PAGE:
Sensory processing disorder (SPD) is often diagnosed along with other developmental disorders such as autism. If a child has sensory issues, it may affect one sense or several, including the sense of touch. Children who suffer from sensory processing issues can find it especially difficult to deal with everyday situations such as going to the dentist, but they still need to have regular checkups and receive proper dental care.
Here are some tips to help your sensory processing disorder child have a happier, less-stressful trip to the dentist:
Help your dentist understand your child's needs
Not every dentist is familiar with sensory processing disorder, but those who are experienced with treating children with special needs are more likely to understand your child's sensory issues. If you already have a dentist, but they do not understand your child's disorder, explain it to them.
It may help to print out some information on the disorder, and highlight the particular issues your child faces. If your child is particularly sensitive to touch and oral stimulation, your dentist should know before treating them.
Understand your child's fears
Knowing what types of stimuli affect your child can greatly help your dentist treat them without over-stressing your child. Dismissing your child's fears or forcing them to undergo treatment when they are suffering from over-stimulation can be traumatic and counterproductive, because they will likely refuse to come back to the dentist without putting up a fight in the future.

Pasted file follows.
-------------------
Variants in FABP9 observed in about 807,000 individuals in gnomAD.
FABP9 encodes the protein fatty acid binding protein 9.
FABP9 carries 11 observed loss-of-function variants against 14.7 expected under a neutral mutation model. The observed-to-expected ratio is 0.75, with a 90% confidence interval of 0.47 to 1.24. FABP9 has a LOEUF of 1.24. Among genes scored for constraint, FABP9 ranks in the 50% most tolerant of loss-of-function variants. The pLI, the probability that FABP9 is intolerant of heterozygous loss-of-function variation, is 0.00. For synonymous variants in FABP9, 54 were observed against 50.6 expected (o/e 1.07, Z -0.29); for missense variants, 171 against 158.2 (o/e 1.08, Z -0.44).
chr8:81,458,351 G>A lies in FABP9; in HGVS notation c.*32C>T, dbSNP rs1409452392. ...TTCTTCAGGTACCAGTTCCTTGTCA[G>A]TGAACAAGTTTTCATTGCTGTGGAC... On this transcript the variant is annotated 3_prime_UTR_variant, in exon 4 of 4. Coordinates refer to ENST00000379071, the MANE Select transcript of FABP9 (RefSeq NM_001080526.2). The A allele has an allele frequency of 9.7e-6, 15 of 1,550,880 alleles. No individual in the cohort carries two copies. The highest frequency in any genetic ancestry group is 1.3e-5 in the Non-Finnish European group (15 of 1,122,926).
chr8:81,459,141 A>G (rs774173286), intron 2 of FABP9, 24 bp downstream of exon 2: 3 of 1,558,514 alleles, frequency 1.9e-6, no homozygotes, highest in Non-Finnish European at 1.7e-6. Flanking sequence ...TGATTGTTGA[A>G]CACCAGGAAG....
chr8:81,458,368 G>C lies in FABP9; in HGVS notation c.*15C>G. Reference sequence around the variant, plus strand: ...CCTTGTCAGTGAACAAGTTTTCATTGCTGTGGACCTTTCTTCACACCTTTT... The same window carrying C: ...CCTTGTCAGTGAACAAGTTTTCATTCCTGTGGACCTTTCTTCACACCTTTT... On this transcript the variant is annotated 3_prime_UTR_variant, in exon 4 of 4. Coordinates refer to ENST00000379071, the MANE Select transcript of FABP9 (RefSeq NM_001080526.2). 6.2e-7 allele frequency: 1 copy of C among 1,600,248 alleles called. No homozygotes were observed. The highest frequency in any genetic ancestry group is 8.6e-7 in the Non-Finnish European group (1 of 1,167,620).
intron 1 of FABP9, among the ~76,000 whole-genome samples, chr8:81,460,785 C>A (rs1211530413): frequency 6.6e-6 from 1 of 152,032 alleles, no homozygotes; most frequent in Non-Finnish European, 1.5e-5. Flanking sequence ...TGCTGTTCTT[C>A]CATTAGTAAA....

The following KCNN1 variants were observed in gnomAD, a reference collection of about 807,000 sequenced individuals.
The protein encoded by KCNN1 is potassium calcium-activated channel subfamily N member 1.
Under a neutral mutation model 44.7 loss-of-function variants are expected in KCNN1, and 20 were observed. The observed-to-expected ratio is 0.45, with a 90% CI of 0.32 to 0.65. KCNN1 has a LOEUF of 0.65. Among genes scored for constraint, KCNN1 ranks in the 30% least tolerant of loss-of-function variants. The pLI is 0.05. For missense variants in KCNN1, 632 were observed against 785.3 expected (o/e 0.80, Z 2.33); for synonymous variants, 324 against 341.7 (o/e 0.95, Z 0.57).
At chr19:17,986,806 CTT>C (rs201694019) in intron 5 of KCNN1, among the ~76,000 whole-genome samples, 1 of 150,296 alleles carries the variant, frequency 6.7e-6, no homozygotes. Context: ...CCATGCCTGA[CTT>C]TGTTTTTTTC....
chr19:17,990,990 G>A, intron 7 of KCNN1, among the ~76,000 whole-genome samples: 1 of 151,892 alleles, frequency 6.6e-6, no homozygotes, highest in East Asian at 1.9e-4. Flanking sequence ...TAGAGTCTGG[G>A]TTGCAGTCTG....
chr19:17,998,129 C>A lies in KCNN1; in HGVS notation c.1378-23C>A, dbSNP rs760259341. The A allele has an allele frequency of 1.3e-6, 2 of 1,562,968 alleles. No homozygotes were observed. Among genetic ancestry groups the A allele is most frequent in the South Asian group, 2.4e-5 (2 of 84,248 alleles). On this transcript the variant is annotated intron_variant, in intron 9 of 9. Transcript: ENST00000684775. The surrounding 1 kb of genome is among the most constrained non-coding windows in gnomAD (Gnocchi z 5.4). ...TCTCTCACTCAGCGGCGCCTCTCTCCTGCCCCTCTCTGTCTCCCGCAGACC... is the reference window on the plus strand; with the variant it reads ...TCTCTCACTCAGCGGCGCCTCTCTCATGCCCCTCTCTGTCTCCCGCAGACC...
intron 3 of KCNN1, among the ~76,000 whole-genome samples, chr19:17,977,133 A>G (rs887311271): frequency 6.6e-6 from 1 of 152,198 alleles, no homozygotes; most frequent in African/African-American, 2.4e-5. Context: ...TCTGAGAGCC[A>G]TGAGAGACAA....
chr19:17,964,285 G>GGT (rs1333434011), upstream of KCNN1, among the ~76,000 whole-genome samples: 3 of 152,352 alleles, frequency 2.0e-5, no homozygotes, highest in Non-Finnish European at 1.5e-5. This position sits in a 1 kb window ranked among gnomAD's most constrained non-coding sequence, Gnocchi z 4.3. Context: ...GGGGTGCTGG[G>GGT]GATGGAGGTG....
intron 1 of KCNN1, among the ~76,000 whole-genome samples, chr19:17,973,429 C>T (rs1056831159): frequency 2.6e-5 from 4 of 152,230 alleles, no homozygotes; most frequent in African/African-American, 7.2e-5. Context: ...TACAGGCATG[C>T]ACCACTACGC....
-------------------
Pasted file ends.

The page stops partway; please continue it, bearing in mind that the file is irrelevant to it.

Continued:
Respect that your child's fears are valid, and that they do not choose to react so strongly to the stimuli at the dentist's office. If it were up to your child, they would rather have "normal" or neurotypical responses, so try to be patient with them when they get anxious or upset.
Communication is key
As important as it is for you to communicate with your child's dentist about any details regarding their sensory issues, it's just as important that the dentist and hygienists communicate everything that they are doing to your child.
Often, by simply telling your child what they are going to do in a step-by-step manner, it can help your child to get through the visit without getting overly distressed. By knowing exactly what to expect at every step, your child may be able to handle the process a little better, creating a positive experience that will make future visits easier.
Good dental hygiene is important for every child, and regular visits to a children's dentist can help your child maintain a healthy smile. Use these tips to help your child with sensory processing issues have a positive experience at the dentist every time. To learn more, contact a company like Children's Dental Center Of Central Iowa PLC with any questions you have.